We're now a week away from having both next-gen consoles out in the wild, and wouldn't you know it, we're still learning new things about them. We've known about the PlayStation' 5's internal storage solution since before we even saw the console itself, but now we've got confirmation on a detail that system architect Mark Cerny alluded to earlier this year: at launch, the PS5 won't support internal storage expansion.
The Verge received word from Sony confirming the lack of support at launch for internal storage expansion today. Both models of the PS5, the one with a disc drive and the digital-only version without, have 825 GB of internal storage (with about 20% of that likely taken up by the operating system). The ability to expand the PS5's storage will be switched on by Sony via a system update in the future, just as patches may tweak the PS5's fan.
Since March, we've known roughly how PS5 storage expansion will work: instead of going with proprietary storage cards like Xbox is adopting, Sony will let PS5 owners use off-the-shelf NVMe M.2 drives to expand storage in their consoles, but there's a couple of catches: Cerny says the drives need to be able to fit inside the PS5's expansion bay (revealed in last month's teardown video) and have to deliver more than 5.5 GB per second in bandwidth. At the time, Cerny said expansion support was "likely to be a bit past" launch.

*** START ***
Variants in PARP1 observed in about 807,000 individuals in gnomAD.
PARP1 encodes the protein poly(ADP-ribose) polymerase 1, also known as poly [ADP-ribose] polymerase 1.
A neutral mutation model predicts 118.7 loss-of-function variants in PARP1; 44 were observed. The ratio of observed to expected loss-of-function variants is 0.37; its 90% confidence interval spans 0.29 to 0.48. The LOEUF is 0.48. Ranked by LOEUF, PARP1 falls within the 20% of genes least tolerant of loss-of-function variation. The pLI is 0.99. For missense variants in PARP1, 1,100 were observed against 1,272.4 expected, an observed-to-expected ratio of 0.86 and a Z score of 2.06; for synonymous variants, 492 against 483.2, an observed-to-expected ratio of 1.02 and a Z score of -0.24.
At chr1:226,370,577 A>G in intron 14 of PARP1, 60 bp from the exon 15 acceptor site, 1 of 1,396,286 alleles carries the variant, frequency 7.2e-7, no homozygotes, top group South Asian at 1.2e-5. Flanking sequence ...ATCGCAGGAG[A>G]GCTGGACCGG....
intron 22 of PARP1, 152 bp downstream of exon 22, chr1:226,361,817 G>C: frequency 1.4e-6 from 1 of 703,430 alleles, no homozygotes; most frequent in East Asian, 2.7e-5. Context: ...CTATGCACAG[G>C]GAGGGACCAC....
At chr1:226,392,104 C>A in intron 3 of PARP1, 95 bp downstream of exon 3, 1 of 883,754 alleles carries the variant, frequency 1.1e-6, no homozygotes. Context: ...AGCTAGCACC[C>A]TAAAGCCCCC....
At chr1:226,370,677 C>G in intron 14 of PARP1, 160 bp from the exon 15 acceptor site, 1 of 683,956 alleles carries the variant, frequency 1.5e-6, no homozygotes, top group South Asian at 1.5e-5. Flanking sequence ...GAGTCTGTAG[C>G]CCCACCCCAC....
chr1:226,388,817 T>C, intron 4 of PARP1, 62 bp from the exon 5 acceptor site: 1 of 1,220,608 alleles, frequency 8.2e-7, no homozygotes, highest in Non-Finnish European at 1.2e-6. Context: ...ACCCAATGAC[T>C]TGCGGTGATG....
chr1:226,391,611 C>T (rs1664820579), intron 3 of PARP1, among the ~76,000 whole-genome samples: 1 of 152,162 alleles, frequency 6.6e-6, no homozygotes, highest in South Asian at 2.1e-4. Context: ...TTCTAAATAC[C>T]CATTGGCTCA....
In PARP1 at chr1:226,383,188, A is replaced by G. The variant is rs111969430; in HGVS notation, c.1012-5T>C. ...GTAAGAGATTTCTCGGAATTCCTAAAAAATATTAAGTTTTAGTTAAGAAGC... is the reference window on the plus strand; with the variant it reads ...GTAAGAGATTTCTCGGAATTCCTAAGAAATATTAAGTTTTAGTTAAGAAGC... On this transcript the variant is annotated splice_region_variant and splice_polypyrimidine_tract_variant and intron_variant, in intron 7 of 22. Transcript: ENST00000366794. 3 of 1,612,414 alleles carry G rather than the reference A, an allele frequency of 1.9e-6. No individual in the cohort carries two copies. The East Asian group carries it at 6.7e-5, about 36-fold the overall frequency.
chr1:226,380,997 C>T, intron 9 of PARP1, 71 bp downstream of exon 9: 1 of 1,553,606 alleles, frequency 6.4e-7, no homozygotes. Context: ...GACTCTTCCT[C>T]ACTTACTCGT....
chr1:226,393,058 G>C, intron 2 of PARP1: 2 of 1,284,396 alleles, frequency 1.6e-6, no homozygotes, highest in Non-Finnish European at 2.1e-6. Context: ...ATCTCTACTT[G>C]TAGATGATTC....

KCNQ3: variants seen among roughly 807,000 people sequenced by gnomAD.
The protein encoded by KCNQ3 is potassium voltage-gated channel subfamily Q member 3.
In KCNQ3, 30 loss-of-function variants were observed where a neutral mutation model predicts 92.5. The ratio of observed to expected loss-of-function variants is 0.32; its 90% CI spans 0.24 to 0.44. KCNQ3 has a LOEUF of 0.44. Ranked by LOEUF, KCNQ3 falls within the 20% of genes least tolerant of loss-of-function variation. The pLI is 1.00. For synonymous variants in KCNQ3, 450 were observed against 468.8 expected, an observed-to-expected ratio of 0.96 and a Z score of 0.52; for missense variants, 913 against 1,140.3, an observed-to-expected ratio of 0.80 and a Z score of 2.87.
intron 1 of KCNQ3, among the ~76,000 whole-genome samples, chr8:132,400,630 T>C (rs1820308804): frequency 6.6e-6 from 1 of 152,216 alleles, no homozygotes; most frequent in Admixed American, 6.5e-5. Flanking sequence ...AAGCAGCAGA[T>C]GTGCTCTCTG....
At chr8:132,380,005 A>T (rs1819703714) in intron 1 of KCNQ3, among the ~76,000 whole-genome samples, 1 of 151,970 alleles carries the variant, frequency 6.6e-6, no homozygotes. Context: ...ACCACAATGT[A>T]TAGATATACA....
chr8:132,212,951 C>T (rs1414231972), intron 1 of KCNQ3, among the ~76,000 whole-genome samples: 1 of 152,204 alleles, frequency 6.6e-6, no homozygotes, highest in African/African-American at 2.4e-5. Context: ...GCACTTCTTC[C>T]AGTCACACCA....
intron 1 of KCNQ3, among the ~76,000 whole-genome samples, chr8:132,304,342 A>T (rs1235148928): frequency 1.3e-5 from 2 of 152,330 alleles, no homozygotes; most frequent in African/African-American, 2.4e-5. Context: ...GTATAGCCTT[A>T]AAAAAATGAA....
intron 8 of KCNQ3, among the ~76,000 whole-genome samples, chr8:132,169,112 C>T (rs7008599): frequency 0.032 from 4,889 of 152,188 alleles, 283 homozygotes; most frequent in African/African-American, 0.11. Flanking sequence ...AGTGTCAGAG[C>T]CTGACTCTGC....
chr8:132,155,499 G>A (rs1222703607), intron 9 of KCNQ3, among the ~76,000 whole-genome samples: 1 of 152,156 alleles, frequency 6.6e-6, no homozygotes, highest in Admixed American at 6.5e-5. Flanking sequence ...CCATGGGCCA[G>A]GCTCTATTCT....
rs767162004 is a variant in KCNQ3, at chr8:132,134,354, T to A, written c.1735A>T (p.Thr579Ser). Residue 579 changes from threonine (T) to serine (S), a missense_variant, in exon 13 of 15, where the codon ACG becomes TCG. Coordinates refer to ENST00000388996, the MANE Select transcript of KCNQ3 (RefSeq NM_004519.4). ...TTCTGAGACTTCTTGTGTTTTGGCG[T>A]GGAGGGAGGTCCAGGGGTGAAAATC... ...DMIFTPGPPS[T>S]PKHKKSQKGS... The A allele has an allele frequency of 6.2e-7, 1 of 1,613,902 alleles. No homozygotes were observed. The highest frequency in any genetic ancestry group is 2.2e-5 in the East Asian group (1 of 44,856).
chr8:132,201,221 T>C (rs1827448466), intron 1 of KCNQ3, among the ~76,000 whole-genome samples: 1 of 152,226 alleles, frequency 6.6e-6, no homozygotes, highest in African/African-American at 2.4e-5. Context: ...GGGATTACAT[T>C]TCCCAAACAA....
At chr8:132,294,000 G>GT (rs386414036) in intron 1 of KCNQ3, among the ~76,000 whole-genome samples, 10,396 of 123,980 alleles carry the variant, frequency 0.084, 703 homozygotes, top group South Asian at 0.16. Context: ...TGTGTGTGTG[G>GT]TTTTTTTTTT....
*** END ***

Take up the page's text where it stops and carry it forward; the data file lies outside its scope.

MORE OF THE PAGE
With lots of M.2 drives out there on the market for PCs that won't be compatible with PS5, Sony plans to launch a compatibility testing program and will maintain an official list of supported drives. Two manufacturers of drives that could be compatible with PS5 suggested to The Verge that Sony hasn't launched that program yet.
So, right at launch, PS5's speedy internal storage will be limited to the drive space it comes with. In an instructional video about transferring PS4 data to a PS5 released today, Sony recommends that people keep PS4 games they plan to play on PS5 installed on an external drive so as to leave extra space for PS5 games that rely on the faster speeds of its internal storage.
The $219 price tag on Microsoft's proprietary 1 TB expansion drive may sting some, especially for folks planning on buying the digital-only Xbox Series S with only 364 GB of usable storage, but it's likely the case that the first wave of compatible M.2 drives for PS5 will be similarly priced. Regardless of which next-gen console you're considering, having a large external solid state drive on-hand should help with whatever file shuffling and backward compatibility install issues that might come up.
USgamer will have reviews live for the PS5 itself, Spider-Man: Miles Morales, and the console exclusive Demon's Souls remake in the coming days.